Having Booker DeWitt as an actual character, as opposed to a silent protagonist allows for a commentary on the events, as opposed to the player quietly moving between each vignette. Booker feels like a real character in a real situation, as opposed to a floating camera along for the ride. While the game does offer limited choice, in having the main character be an actual person it leads to a great consistency in their actions and stronger impact on the narrative. I saw this while playing Sleeping Dogs as well, and hope it catches on.

Damsel in Distress

    The game's narrative revolves around Booker rescuing a girl locked away in a tower, and bringing her back to his client in New York. The idea of a game long escort mission left me with a sense of dread, but I'm glad to report that Bioshock handles this quite well.

    When you first meet Elizabeth, your head is swirling from all the things you observed in Columbia so far and the rumors of the "lamb" and her place in society. Instead of finding some defenseless fairy tell princess, you find an actual person with her own desires and personality.  Irrational made a very smart decision in never forcing you to protect her. Elizabeth is immune in combat, can never be hurt and actively aids the player. Both in bringing in allies and supplies through "tears" and in throwing Booker ammo and other supplies in combat. Through the story Elizabeth is elevated from a simple errand to a partner, and eventually into an individual agent with goals and desires that separates her from and in some ways conflicts with Booker's.

    Most importantly, she's a real person. A fully realized character that the player feels increasingly attached to during the adventure. She serves not only as a model for a strong female in games, but as a wonderful supporting character that is every bit the hero in her own right, as opposed to be constantly downgraded to the level of sidekick for the player's enjoyment.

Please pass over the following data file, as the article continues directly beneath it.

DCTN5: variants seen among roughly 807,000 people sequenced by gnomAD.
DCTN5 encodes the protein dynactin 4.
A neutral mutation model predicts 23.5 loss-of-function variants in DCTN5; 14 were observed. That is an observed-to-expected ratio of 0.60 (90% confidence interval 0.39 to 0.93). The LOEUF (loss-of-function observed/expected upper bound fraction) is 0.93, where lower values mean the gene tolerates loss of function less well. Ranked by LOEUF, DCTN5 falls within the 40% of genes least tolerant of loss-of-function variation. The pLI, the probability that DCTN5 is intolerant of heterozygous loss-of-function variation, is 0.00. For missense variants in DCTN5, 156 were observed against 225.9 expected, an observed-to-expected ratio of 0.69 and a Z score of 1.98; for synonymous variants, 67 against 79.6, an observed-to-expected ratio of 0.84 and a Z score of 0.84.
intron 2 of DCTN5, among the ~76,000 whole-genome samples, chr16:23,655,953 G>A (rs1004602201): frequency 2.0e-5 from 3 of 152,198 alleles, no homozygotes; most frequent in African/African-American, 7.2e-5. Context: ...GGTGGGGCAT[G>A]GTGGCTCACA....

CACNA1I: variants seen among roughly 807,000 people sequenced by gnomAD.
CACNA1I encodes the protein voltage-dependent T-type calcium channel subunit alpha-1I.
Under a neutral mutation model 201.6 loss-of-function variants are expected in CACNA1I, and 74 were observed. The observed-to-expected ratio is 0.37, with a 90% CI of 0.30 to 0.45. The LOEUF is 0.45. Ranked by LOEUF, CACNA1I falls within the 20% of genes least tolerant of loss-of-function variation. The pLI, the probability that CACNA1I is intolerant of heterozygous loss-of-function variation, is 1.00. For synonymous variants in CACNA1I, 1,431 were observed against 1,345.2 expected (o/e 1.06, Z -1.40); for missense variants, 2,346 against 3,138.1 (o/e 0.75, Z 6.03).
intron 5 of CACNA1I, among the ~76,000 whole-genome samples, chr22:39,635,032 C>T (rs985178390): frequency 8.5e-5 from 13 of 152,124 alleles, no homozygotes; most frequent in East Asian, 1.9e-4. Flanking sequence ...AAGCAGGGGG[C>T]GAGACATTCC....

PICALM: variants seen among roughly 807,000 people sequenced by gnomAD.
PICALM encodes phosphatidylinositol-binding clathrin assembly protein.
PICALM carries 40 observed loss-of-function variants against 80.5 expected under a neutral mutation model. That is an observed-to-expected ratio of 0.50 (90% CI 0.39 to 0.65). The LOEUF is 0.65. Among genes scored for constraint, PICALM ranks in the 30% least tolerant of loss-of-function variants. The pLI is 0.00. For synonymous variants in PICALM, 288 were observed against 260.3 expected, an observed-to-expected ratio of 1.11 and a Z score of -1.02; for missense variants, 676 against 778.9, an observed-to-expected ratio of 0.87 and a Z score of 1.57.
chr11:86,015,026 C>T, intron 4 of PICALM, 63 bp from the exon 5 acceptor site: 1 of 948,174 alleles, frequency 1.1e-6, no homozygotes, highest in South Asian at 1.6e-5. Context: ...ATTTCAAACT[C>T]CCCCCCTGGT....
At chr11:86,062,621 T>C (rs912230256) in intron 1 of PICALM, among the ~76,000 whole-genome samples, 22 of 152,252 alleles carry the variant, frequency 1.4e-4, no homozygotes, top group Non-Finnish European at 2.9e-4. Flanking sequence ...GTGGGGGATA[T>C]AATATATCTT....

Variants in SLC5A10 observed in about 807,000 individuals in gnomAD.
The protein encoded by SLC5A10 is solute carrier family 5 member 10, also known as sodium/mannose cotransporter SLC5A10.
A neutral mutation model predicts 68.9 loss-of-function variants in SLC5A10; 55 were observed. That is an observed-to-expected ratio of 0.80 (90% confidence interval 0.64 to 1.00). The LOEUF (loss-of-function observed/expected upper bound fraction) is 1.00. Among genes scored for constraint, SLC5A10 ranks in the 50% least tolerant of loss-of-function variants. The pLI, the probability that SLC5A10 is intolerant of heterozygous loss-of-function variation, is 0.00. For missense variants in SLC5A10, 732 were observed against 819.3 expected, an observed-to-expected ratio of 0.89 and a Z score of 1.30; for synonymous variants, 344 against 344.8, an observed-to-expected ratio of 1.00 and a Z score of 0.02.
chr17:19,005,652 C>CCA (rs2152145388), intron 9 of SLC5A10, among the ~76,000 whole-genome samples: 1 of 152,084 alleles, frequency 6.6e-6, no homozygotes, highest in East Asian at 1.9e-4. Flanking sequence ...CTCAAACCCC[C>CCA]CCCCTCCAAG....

More To Life Than Carrying A Gun

    What's most telling to me about Bioshock Infinite is we're at the end of the review I haven't even brought up the shooting, Infinite's primary combat feature. The shooting, whether with guns or vigors is fun, and tighter than in the original Bioshock. But really, it's the least interesting part of the game. And really, how often do we say that? Normally the combat is just the biggest selling point, it's the only selling point. The music, the art direction, plot and world building are all secondary. A coat of paint to make the core experience more compelling.

    This is what makes Bioshock Infinite more than a good game, more than a great game. Every aspect is of the highest caliber. No one part stands above the rest. In most games the combat and graphics may be great, but the music and plot lacking. Or the parts may be really good individually, but disjointed. Bishock Infinite not only maintains the highest quality in its components, but weaves them together masterfully into a whole greater than the sum of its parts. It is not only one of my favorite games in the past year, it is one of my favorites for this generation. My only regret was this I didn't get to spend more time in its world, more time exploring Columbia and its people. This is one game I wouldn't mind seeing a sequel too.

    If you decide to pick up this game, and you should, take your time with it. Walks around and smell the roses. Read the posters and listen to the town folk's dialogue. Rushing past it would cause you to miss one of the finest crafted world's in all of gaming.

I played Bioshock Infinite on a PS3.

I'd like to make a special thanks to my Brother, who got me Infinite for my birthday.

You can follow me on twitter: @MadnessSerenade

Or leave a comment below.

Saturday, April 13, 2013

Sleeping Dogs Review

Troubled Past